Thermaltake Aguila Case Review



All of these options and features make for a very nice desktop midtower. The front of the case houses five (5) 5-¼ bays on top and one on the bottom. Also right beside the front fan there is another that is vertical on the left. The power/reset panel can be switched out for another external 3-½ bay. The entire mesh screen is backed with a foam dust filter, which is one of the better features I have seen in a case in a while.

The swinging door on the front is very thick and sturdy, and protrudes from the actual front of the case by about 4 inches on the bottom, allowing for plenty of air to be drawn through the case front. Both the door and the Face of the case are removable, making the bay covers easily accessable. Thermaltake redesigned the screw-less snap in hardware where they actually snap on to your drives instead of you having to hold them on while being installed.

Looking at the case side side, the window is attached with the usual plastic rivets, along with the mesh screen in the fan cutout in the side. The bottom of the inside is riddled with holes, which are used to mount the water pump from the Bigwater kits.

There are alot of hardware features, and Thermaltake still manages to make them screw-less and allow easy access mounts for CD/DVD drives. The internal HDD mount is a screw type with dampeners in the mounts to reduce vibration. The position of the HDD mount is perfect, being right behind the front 120mm intake fan. This will be enough to keep the HDDs cool, which should prolong drive life.

This particular HDD mounts the hard drives in reverse fasion with the cables on the opposite side of the case (where they cannot be seen). This is not a case to cram 4000 bucks worth of parts in and expect it to look neat.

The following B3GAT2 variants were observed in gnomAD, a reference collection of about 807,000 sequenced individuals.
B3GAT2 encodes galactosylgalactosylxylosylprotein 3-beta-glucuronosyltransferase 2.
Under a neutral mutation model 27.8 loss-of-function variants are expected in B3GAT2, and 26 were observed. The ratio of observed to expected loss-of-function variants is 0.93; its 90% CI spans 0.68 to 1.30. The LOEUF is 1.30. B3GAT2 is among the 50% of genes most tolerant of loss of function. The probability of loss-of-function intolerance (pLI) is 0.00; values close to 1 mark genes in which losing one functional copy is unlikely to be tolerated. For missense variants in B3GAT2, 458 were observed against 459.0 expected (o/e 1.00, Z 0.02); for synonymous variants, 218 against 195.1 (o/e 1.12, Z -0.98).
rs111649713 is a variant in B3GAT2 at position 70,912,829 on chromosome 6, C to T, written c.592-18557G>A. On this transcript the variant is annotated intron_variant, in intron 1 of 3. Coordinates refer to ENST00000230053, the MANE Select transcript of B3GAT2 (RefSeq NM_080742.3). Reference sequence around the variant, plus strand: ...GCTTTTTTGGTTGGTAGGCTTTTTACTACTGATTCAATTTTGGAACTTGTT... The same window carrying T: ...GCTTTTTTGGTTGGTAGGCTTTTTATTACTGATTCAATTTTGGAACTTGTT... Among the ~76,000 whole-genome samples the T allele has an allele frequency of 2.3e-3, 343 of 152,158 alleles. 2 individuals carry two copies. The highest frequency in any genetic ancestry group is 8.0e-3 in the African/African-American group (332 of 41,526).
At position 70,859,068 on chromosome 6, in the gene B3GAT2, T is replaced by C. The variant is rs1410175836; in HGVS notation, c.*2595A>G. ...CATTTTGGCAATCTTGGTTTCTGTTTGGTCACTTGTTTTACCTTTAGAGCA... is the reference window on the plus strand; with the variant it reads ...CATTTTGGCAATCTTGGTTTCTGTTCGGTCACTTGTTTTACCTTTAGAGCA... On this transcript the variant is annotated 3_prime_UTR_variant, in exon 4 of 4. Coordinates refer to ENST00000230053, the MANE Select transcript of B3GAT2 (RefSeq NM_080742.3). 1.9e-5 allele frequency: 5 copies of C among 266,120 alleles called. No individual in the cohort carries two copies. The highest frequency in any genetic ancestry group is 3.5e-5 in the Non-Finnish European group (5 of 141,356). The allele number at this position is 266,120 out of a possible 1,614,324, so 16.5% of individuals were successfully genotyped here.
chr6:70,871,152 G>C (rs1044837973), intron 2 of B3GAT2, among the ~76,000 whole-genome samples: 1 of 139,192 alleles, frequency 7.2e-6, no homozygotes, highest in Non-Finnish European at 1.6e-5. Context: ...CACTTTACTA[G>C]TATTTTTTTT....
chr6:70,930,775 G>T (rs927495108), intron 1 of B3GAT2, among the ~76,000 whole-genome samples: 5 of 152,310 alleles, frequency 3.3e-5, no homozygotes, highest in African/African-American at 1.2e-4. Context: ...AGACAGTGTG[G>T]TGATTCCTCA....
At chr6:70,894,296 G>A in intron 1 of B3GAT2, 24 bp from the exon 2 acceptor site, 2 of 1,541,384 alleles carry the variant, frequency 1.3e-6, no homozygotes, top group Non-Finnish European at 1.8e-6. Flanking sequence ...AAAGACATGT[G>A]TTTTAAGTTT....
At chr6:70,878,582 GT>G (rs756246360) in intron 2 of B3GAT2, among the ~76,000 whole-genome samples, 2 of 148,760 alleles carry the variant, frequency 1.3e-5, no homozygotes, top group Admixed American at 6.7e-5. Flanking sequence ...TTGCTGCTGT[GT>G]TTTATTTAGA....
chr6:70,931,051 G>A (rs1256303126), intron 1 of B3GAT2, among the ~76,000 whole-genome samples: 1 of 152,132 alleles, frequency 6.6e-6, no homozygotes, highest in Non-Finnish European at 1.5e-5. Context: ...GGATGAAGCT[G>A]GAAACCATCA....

The bay on the bottom front is an excellent place to hide extra cables and excess cables, and the space between the ROM cage and the motherboard tray is wide enough to place wires and cables out of site also. The motherboard tray is offset from the ROM tray by about ¾ of an inch.

On the top of the case you have the usual flip open USB, firewire, and headphone/mic connections. The connection cables are almost three (3) feet long allowing for a little more mobility in the installation of all the connectors. I still believe that these would be best placed at the bottom side or in the front across the bottom, instead of in the way of all activity that will be going on with the power supply in that area already. A cooling fan would be better suitable in this area.

The cooling fans used on this case are suitable for positive airflow thought the case. One blowing across the hard drives, and the other pushing air out the back. This extra airflow should keep new air flowing across the motherboard, which should help users with air cooling. The fans used are the normal Thermaltake fans pushing about 40 CFM each. The front fan is clear blue LEDs fan, and the rear is the non-LED version.

The option that makes this a box case also is the back panels. Both of which are removable so you can rearrange them to support the BTX style. This does however make it easier to install the motherboard components with them removed just remember to put in the motherboard I/O plate before you reinstall the panels.